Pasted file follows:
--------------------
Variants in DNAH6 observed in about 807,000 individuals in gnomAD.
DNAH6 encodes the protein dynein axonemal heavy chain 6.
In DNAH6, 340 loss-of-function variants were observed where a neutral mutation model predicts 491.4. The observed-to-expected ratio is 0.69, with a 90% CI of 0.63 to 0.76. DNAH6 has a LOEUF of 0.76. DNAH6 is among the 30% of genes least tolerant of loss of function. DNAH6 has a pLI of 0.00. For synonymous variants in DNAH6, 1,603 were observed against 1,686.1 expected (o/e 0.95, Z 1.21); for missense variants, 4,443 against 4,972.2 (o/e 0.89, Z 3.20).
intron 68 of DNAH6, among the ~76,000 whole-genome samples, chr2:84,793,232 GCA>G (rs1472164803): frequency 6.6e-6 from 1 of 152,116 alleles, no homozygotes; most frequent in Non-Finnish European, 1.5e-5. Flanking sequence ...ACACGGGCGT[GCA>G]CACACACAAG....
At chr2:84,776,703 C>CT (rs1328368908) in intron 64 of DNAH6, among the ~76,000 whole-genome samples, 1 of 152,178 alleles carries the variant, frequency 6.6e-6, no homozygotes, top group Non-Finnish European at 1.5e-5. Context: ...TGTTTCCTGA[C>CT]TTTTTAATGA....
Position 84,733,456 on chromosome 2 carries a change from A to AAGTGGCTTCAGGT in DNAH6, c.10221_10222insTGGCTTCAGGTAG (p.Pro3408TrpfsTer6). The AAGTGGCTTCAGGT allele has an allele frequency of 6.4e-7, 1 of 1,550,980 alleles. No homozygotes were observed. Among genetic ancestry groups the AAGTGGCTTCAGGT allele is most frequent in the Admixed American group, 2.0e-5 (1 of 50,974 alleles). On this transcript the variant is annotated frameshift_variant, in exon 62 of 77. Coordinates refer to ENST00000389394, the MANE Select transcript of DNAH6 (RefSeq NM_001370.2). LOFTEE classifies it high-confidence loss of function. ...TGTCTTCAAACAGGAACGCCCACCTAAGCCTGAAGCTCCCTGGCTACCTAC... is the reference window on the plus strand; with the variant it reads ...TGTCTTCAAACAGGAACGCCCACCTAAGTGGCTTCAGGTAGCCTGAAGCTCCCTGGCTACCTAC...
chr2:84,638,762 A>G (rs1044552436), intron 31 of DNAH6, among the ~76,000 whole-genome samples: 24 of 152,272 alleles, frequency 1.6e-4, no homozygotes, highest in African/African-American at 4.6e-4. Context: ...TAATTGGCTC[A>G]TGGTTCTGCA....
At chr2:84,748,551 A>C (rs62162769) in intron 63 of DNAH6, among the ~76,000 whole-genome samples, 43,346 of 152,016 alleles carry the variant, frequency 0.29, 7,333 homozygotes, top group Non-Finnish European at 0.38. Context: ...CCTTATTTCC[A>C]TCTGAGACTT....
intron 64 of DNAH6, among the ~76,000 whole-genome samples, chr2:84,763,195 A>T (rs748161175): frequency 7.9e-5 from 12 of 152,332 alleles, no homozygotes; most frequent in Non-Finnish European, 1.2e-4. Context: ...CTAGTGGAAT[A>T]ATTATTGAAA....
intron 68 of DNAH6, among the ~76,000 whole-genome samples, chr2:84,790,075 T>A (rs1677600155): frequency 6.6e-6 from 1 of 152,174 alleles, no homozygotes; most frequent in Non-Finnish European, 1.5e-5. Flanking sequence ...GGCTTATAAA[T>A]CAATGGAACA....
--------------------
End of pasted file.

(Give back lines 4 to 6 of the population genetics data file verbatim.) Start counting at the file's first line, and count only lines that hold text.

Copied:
intron 68 of DNAH6, among the ~76,000 whole-genome samples, chr2:84,793,232 GCA>G (rs1472164803): frequency 6.6e-6 from 1 of 152,116 alleles, no homozygotes; most frequent in Non-Finnish European, 1.5e-5. Flanking sequence ...ACACGGGCGT[GCA>G]CACACACAAG....
At chr2:84,776,703 C>CT (rs1328368908) in intron 64 of DNAH6, among the ~76,000 whole-genome samples, 1 of 152,178 alleles carries the variant, frequency 6.6e-6, no homozygotes, top group Non-Finnish European at 1.5e-5. Context: ...TGTTTCCTGA[C>CT]TTTTTAATGA....
Position 84,733,456 on chromosome 2 carries a change from A to AAGTGGCTTCAGGT in DNAH6, c.10221_10222insTGGCTTCAGGTAG (p.Pro3408TrpfsTer6). The AAGTGGCTTCAGGT allele has an allele frequency of 6.4e-7, 1 of 1,550,980 alleles. No homozygotes were observed. Among genetic ancestry groups the AAGTGGCTTCAGGT allele is most frequent in the Admixed American group, 2.0e-5 (1 of 50,974 alleles). On this transcript the variant is annotated frameshift_variant, in exon 62 of 77. Coordinates refer to ENST00000389394, the MANE Select transcript of DNAH6 (RefSeq NM_001370.2). LOFTEE classifies it high-confidence loss of function. ...TGTCTTCAAACAGGAACGCCCACCTAAGCCTGAAGCTCCCTGGCTACCTAC... is the reference window on the plus strand; with the variant it reads ...TGTCTTCAAACAGGAACGCCCACCTAAGTGGCTTCAGGTAGCCTGAAGCTCCCTGGCTACCTAC...